Heavy Cream

Heavy cream, also known as heavy whipping cream, is a thick liquid dairy product with a high fat content, usually ranging from 36% to 40%. It is derived from the high-fat layer skimmed off the top of fresh, un-homogenized milk. Heavy cream is an essential ingredient in various cuisines worldwide, adding richness and indulgence to numerous dishes. Used in both sweet and savory dishes, heavy cream is versatile and can be used for a dessert, or added to soups and sauces for a velvety texture, or combined with other ingredients in baking to create tender and moist pastries and cakes.
CAL / 100G
heavy cream
Heavy Cream FAQ
The most common usage of heavy cream is in baked goods, creams, soups, and sauces where it provides a rich and creamy texture. However, a common mistake is over-whipping it, which makes it grainy, or using it in high heat too suddenly, leading to the risk of curdling. To get the most out of heavy cream, use it at the appropriate temperature. If whipping, ensure your utensils are cold, which helps cream whip faster. Also, adding a tablespoon of powdered sugar while whipping can help stabilize it. Unconventional uses of heavy cream can also offer interesting results; try adding a dollop in mashed potatoes for extra richness, or using it to temper eggs before adding them to a hot mixture to avoid curdling.
Can I use heavy cream to make whipped cream?
Why did my heavy cream curdle in the soup?
Why didn't my heavy cream whip into stiff peaks?
Can I substitute milk for heavy cream in a recipe?
Can I freeze heavy cream?
What's the difference between heavy cream and whipping cream?
How to reduce heavy cream in a recipe?
Can I use sour cream instead of heavy cream?
How to make dairy-free heavy cream?
Do I have to heat up heavy cream before adding to coffee?
Expiration & Storage Tips
When does heavy cream expire?
When unopened and refrigerated, heavy cream will typically last 7 to 10 days past the 'sell by' date printed on the packaging. After the cream is opened, aim to use it within 5 to 7 days for best quality and taste. Once whipped, homemade whipped cream should be used immediately but can last up to 24 to 48 hours in the fridge with some loss of volume and texture. If you've frozen heavy cream, use it within a month for optimal flavor and quality.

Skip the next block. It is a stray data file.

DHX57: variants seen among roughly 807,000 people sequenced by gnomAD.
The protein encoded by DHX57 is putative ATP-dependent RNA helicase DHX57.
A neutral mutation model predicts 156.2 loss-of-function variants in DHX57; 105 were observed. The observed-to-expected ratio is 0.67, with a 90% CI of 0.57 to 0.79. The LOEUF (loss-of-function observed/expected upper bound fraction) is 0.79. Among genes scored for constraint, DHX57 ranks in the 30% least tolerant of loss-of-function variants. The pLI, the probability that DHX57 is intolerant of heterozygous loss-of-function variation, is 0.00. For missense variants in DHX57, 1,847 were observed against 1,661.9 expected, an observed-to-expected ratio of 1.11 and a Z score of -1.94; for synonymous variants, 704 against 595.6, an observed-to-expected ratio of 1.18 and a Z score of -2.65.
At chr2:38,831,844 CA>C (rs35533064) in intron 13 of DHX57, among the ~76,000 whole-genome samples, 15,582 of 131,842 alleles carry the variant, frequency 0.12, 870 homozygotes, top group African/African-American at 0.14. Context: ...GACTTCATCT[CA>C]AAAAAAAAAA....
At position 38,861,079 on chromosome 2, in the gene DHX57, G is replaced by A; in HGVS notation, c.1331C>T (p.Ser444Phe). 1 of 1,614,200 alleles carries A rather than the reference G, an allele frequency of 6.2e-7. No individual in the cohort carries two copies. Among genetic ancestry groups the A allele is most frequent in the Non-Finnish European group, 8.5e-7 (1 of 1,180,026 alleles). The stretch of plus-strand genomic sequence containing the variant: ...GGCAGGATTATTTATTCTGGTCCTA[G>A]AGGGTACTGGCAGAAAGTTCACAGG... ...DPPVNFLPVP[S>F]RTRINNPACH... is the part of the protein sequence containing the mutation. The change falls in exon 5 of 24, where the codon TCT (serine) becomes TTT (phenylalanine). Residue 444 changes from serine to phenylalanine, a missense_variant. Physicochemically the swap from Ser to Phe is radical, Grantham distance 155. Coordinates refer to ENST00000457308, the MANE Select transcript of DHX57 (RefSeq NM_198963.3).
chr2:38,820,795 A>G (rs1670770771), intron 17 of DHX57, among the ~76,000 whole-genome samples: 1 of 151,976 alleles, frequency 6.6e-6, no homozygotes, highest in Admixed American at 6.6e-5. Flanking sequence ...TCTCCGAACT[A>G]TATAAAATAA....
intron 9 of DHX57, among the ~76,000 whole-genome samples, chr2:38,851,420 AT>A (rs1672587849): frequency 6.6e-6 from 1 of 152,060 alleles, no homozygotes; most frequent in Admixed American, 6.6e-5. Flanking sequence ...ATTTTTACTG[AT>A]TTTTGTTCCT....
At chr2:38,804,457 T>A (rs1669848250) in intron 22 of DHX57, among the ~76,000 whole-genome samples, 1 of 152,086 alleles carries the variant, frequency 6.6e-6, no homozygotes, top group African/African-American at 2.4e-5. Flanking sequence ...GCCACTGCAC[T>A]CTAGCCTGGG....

How do you tell if heavy cream is bad?
There are several signs to look out for when determining if heavy cream has gone bad. One of the most obvious is smell; heavy cream that is spoiled will often smell sour or off, similar to the smell of sour milk. Another sign is if the cream has become discolored or separated. Fresh heavy cream is a bright, clean white color. If it turns yellow or develops a clotted or chunky texture, it has likely gone bad. In this case, it's best to throw it out and start with a new container.
Tips for storing heavy cream to extend shelf life
• Keep your heavy cream refrigerated at all times. • To extend the shelf life of heavy cream beyond the 'sell by' or 'use by' date, you can freeze it. However, bear in mind that freezing can change the texture and consistency of the cream, making it less suitable for whipping but still fine for cooking and baking. To freeze heavy cream, pour it into an airtight container, leaving some space at the top for expansion, and place it in the freezer. • When defrosting frozen heavy cream, it's best to do this overnight in the fridge. This will help maintain the best possible texture and avoid separating. • If you need to use heavy cream regularly but find it hard to use up a whole carton before it spoils, consider buying smaller amounts more often or switch to ultra-pasteurized cream, which has a longer shelf life.
4 - 7
Health Info
Allowed on these diets
Contains these allergens
Recipes with what you have
Download Cooklist
Get the app to track inventory, save recipes, build meal plans and order groceries from local stores.
Scan to download
QR Code